Baltimore Sun Sunday - - TRAVEL -

hair and the Phillips pack­ing plant, where many res­i­dents worked.

The mu­ral also promi­nently fea­tures sev­eral no­table ac­tivists. Glo­ria Richard­son, who or­ga­nized lo­cal ac­tions dur­ing the Civil Rights Move­ment and ex­plained struc­tural racism to At­tor­ney Gen­eral Robert F. Kennedy, speaks into a mi­cro­phone. Com­mu­nity health pi­o­neers Dr. J. Ed­win Fas­sett and Nurse Max­ine McGee treat an in­fant. The face of Harriet Tub­man (more on her later) an­chors the cen­ter. Rosato in­ter­sperses these im­ages with those of the ev­ery­day he­roes—a track run­ner, farmer and Tuskegee Air­man among them—that typ­ify this com­mu­nity’s en­dur­ing re­silience.

Lo­ca­tion: By the cor­ner of Mary­land Av­enue and US 50, Cam­bridge

‘Goose on the Ca­boose’

Hordes of Cana­dian geese visit the East­ern Shore’s ex­ten­sive wet­lands ev­ery Oc­to­ber, like clock­work. Many denizens see them as a noisy and dis­gust­ing nui­sance. Some hunt them for their meat. Rosato cre­ated “Goose on the Ca­boose,” lo­cated steps away from Cam­bridge Creek and Port­side Seafood Restau­rant, with a hap­pier story in mind.

“In Mich­ener’s ‘Ch­e­sa­peake,’ there’s a story of a fa­ther and his two sons,” he said. “He takes his kids out out­side, be­cause it’s Oc­to­ber, and he says, ‘To­day’s the day they come. And to­day, we’re not go­ing to shoot them. They’re al­lowed to come in and eat on my fields and har­vest, and we’re go­ing to en­joy the fact that we’ve been given one more year of these ma­jes­tic birds com­ing to visit us, and they won’t be shot—to­day.’ That doesn’t mean he’s not go­ing to go out and feed his fam­ily even­tu­ally, but to­day he al­lowed them in.”

The mu­ral’s name ref­er­ences the red train car on which it sits. To cre­ate the im­age of a goose al­most flap­ping be­yond the fourth wall, Rosato used a tech­nique called “trompe l’oeil,” French for “trick­ing the eye.” He em­ployed this vis­ual de­cep­tion in sev­eral other works along the mu­ral trail, in­clud­ing the most fa­mous and re­cent in­stall­ment.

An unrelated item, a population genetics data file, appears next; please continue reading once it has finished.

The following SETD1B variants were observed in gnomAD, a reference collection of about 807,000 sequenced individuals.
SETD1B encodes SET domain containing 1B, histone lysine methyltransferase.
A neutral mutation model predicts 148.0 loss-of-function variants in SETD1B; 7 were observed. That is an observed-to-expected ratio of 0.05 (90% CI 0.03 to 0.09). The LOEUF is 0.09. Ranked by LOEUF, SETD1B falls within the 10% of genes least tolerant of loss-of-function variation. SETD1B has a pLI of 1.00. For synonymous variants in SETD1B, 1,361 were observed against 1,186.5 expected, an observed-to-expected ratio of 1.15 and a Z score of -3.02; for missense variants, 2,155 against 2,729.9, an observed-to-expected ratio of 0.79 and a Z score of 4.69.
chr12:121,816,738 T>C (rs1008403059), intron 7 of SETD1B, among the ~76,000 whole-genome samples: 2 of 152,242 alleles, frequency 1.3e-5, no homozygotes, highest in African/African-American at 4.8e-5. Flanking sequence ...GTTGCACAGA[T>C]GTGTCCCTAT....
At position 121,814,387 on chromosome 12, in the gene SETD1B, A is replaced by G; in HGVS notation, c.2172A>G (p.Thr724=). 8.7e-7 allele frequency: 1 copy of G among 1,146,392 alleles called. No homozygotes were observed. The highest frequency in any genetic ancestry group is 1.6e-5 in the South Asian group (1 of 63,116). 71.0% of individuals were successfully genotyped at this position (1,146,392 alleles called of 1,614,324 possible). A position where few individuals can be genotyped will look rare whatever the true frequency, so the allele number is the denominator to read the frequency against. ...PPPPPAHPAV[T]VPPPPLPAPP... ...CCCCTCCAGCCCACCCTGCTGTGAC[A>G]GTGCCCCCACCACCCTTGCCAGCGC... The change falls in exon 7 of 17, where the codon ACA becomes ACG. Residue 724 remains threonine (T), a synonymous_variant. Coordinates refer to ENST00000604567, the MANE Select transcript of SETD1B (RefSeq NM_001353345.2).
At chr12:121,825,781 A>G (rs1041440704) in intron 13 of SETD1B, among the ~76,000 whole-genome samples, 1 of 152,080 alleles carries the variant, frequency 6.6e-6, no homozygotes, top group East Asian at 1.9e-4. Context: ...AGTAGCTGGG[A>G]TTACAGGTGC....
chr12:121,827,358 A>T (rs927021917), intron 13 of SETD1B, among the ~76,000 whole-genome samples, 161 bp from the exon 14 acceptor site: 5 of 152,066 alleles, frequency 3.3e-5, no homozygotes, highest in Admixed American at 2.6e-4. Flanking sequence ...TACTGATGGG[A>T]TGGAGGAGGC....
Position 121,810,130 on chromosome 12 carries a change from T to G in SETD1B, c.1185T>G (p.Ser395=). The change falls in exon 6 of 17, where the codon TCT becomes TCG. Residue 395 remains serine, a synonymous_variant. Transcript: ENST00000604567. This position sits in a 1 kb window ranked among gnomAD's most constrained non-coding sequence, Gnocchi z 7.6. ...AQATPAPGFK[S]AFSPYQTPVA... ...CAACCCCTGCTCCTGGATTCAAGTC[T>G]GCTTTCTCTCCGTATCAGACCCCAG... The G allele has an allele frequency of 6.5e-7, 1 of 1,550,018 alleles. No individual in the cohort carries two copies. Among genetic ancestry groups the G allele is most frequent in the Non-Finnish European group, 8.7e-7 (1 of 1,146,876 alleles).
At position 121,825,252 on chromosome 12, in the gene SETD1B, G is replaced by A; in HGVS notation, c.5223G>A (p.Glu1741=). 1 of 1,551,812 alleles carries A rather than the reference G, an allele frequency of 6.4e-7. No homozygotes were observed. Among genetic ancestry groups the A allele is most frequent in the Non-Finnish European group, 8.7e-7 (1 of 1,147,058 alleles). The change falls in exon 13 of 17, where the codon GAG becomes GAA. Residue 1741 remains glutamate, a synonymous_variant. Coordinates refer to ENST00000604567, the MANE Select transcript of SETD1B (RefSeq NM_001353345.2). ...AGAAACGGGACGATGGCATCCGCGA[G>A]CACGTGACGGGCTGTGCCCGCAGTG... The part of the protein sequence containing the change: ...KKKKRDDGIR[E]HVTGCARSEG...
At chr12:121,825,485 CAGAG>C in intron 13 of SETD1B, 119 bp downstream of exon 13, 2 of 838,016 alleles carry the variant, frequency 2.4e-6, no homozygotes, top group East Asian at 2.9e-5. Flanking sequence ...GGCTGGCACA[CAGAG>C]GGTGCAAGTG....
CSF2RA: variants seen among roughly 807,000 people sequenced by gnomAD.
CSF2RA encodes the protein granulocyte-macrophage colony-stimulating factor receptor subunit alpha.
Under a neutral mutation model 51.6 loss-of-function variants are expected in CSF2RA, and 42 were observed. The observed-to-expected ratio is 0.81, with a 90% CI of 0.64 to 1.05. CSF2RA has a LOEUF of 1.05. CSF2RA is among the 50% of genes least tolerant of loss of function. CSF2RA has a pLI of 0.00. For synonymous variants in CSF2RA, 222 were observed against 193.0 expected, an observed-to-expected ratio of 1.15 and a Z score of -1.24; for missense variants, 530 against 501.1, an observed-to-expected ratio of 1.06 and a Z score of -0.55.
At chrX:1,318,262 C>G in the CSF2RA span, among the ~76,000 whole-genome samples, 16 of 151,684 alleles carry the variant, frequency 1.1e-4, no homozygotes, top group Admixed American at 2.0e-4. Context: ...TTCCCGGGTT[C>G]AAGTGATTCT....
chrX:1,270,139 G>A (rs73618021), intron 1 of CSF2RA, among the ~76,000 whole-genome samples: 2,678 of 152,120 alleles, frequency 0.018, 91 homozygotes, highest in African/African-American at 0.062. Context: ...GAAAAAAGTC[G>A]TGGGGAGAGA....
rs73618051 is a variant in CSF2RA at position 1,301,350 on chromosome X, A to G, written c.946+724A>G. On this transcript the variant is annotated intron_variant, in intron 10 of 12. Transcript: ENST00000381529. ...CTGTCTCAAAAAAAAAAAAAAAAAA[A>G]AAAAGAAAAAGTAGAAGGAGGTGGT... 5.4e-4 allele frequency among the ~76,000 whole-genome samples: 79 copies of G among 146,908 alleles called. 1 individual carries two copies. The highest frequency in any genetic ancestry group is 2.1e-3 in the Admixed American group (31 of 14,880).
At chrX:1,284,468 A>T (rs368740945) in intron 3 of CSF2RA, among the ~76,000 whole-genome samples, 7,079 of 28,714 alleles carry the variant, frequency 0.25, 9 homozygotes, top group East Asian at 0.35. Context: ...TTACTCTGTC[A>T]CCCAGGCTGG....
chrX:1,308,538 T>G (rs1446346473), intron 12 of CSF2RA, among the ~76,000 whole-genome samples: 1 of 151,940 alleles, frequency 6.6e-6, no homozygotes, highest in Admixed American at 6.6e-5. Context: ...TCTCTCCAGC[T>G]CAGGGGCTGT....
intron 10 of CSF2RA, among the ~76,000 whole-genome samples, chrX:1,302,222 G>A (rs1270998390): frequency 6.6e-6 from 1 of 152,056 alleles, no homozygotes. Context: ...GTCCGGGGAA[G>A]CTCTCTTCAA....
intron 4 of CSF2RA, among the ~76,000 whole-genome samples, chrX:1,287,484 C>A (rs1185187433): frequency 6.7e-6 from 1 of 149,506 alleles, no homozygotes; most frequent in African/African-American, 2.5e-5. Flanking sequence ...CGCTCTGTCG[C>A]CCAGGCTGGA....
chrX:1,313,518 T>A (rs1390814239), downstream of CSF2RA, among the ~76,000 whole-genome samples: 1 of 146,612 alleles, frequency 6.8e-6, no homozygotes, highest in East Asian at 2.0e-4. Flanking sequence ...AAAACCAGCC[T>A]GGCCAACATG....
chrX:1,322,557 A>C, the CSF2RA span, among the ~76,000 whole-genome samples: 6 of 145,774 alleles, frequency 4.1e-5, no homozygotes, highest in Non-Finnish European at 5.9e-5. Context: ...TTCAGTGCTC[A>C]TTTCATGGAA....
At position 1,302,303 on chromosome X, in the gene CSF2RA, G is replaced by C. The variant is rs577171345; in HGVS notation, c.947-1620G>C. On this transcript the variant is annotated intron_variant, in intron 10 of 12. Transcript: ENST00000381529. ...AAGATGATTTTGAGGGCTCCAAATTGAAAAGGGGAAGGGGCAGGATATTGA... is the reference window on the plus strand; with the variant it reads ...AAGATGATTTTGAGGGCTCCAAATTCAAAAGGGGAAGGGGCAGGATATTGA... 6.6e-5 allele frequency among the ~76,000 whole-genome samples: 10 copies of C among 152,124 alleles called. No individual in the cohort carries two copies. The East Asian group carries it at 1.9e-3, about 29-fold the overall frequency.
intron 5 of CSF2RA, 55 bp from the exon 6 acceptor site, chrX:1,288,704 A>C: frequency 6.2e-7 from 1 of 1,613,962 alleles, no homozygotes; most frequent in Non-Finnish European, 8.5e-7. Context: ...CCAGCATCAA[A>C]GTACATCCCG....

Lo­ca­tion: Pow­ell Real Es­tate, 200 Tren­ton St., Cam­bridge

‘Take My Hand’

‘Take My Hand’: ‘Big Bird’: shads, a fish that vis­its the re­gion ev­ery year to spawn. “The oys­ters, the crab, the reeds com­ing down to the wa­ter— it’s all based on the land­scape, the fauna, the bounty of the bay.”

Lo­ca­tion: J.M. Clay­ton’s, 108 Com­merce St. (or the draw­bridge near Mary­land Av­enue and Acad­emy Street for a fuller view), Cam­bridge

‘East New Mar­ket’

The rest of the mu­ral trail takes trav­el­ers out of Cam­bridge and fur­ther into the East­ern Shore, start­ing with a pair of mu­rals in East New Mar­ket.

One such mu­ral, which uses trompe l’oeil so vis­i­tors can “feed” a horse, shows In­dige­nous peo­ples of the Nan­ti­coke tribe trad­ing with colo­nial set­tlers. Turn around and gaze across the street for the sec­ond mu­ral, which de­picts an­other era in the re­gion’s his­tory—and one of the East­ern Shore’s most fa­mous res­i­dents.

“It shows the old East New Mar­ket and the church that was very in­stru­men­tal in bring­ing the en­slaved peo­ple over and get­ting them go­ing on the Un­der­ground Rail­road, as well as es­tab­lish­ing them once they were eman­ci­pated,” Rosato said. “It’s not a story of East New Mar­ket as much as one of the East­ern Shore, as Fred­er­ick Dou­glass was from Tal­bot County, but he’s in there, as a free man walk­ing.”

Lo­ca­tion: Main Street and Rail­road Av­enue, East New Mar­ket

‘Na­tive Amer­i­can Life’


The mu­ral is lo­cated on the side of the Harriet Tub­man Mu­seum & Ed­u­ca­tional Cen­ter in down­town Cam­bridge.

The Vi­enna Com­mu­nity Cen­ter fea­tures a time­line of lo­cal his­tory, be­gin­ning with Na­tive Amer­i­can cul­ture through to the time of colo­nial set­tlers.

A great blue heron feast­ing on a blue crab feast adorns the side of J.M. Clay­ton’s Seafood on Cam­bridge Creek.

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